Private Association and Public Brand: The Dualistic Conception of Political Parties in the Common Law World
(2014) Critical Review of International Social and Political Philosophy ‘Political Parties, Partisanship and Political Theory,’ Special Issue, Forthcoming
18 Pages Posted: 16 Nov 2013
Date Written: 2014
This paper examines the legal conception of political parties. It does so by unearthing the history and ontology of the common law relating to political parties, in international perspective. The flexibility of the unincorporated association, in which parties are understood through the private law of contract as networks of internal rules or agreements, rather than as legal entities, has proven to be a mask. In the common law’s imagination, the ideal party is a ground-up organisation animated by its membership. But the law mandates no such thing, and in its statutory and constitutional conception intra-party democracy is sublimated as parties need be no more than an electoral persona or brand.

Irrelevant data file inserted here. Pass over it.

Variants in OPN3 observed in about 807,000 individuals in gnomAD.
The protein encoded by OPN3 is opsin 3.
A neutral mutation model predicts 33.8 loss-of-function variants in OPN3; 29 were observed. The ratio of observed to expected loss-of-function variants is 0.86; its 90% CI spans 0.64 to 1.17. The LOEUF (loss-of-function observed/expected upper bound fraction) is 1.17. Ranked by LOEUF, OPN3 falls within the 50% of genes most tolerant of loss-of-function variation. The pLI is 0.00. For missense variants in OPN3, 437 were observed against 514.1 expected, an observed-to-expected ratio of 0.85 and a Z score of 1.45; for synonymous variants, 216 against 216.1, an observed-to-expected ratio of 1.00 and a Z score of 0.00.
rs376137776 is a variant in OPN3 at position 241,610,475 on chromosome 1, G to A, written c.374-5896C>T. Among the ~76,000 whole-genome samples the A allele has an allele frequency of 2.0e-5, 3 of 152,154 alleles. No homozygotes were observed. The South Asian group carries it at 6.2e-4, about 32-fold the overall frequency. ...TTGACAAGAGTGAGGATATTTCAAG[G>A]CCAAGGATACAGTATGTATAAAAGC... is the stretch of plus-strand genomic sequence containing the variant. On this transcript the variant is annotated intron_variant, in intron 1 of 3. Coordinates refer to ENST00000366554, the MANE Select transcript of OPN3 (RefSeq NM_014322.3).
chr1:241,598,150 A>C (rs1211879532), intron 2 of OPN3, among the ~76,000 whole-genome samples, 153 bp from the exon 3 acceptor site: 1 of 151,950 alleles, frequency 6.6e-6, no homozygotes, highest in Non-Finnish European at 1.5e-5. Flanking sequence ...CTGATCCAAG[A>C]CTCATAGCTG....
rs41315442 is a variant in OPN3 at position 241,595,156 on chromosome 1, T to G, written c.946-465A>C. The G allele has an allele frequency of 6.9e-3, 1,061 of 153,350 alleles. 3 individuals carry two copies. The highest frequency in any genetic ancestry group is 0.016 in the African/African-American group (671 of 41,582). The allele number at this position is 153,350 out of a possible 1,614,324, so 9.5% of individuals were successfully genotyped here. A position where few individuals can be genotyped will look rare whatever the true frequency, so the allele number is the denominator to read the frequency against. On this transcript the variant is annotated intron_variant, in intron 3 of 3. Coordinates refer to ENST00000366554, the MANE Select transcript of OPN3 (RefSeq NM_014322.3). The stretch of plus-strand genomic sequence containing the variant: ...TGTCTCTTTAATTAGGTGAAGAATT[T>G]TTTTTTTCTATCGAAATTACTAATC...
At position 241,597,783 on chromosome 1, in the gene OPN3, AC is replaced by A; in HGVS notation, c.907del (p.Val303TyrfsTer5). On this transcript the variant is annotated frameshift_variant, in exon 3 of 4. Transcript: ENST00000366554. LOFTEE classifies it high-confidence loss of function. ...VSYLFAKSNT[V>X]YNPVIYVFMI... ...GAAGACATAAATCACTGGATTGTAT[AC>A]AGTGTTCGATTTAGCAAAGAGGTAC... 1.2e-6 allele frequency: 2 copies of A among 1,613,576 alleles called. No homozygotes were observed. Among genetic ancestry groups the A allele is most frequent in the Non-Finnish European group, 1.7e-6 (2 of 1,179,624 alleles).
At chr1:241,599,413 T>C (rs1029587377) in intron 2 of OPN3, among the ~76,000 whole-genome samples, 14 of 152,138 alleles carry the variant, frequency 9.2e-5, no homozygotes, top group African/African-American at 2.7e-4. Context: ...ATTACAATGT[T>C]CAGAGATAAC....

Keywords: comparative regulation of political parties, legal status of political parties, common law of politics, intra-party democracy, membership-based political parties, political parties as brands, freedom of association
JEL Classification: K3
Suggested Citation: Suggested Citation